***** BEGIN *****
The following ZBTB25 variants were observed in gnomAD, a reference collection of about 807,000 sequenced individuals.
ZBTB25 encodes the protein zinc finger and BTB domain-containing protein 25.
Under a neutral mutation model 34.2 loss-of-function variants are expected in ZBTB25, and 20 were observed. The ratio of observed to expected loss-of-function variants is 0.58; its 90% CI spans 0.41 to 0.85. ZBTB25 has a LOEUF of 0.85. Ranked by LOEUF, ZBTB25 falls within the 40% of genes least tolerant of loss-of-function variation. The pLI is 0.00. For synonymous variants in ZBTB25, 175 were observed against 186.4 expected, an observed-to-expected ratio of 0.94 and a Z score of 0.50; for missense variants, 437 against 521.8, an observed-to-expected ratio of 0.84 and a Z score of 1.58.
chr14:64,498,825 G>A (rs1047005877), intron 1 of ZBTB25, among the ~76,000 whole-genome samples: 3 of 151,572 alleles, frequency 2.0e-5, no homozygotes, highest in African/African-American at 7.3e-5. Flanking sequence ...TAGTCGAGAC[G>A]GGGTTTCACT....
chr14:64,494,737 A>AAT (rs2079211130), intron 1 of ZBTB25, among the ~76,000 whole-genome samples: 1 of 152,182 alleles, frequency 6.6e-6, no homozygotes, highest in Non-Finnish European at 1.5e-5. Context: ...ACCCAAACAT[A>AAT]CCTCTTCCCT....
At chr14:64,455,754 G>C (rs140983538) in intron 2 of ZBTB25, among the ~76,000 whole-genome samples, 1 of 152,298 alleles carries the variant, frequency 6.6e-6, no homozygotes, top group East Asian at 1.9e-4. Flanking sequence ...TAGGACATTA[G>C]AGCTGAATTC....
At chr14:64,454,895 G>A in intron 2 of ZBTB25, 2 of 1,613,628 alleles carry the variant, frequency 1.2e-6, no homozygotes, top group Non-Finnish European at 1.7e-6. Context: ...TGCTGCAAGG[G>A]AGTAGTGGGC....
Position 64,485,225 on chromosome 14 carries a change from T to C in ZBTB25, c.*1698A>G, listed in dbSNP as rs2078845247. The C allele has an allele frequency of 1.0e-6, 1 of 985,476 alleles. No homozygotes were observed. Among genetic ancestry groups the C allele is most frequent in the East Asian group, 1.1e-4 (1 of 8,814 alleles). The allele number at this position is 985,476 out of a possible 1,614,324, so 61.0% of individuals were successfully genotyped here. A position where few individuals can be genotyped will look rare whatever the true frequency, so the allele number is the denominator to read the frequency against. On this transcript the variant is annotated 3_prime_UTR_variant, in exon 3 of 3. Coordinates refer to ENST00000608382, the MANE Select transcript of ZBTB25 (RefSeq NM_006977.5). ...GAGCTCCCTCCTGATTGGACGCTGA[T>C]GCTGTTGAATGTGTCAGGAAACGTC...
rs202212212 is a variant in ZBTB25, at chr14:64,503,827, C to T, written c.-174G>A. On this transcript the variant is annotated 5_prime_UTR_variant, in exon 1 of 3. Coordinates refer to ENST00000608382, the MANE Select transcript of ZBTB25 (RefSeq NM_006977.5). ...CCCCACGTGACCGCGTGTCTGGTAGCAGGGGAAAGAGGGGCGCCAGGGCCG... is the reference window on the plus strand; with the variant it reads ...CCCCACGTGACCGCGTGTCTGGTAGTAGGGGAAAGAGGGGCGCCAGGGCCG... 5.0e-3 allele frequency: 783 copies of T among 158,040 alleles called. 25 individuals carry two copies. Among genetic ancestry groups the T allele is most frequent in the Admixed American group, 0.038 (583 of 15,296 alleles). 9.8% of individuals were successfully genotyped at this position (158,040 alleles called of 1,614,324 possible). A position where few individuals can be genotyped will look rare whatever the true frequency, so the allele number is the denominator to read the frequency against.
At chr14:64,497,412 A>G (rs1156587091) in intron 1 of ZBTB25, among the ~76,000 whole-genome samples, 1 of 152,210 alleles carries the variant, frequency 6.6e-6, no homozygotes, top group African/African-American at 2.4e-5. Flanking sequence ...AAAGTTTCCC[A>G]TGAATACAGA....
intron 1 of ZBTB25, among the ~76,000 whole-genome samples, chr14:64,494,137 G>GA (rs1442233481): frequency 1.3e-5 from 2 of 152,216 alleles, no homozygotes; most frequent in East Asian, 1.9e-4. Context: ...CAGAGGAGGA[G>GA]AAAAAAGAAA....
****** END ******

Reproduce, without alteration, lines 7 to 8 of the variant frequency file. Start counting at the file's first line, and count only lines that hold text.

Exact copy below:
At chr14:64,454,895 G>A in intron 2 of ZBTB25, 2 of 1,613,628 alleles carry the variant, frequency 1.2e-6, no homozygotes, top group Non-Finnish European at 1.7e-6. Context: ...TGCTGCAAGG[G>A]AGTAGTGGGC....
Position 64,485,225 on chromosome 14 carries a change from T to C in ZBTB25, c.*1698A>G, listed in dbSNP as rs2078845247. The C allele has an allele frequency of 1.0e-6, 1 of 985,476 alleles. No homozygotes were observed. Among genetic ancestry groups the C allele is most frequent in the East Asian group, 1.1e-4 (1 of 8,814 alleles). The allele number at this position is 985,476 out of a possible 1,614,324, so 61.0% of individuals were successfully genotyped here. A position where few individuals can be genotyped will look rare whatever the true frequency, so the allele number is the denominator to read the frequency against. On this transcript the variant is annotated 3_prime_UTR_variant, in exon 3 of 3. Coordinates refer to ENST00000608382, the MANE Select transcript of ZBTB25 (RefSeq NM_006977.5). ...GAGCTCCCTCCTGATTGGACGCTGA[T>C]GCTGTTGAATGTGTCAGGAAACGTC...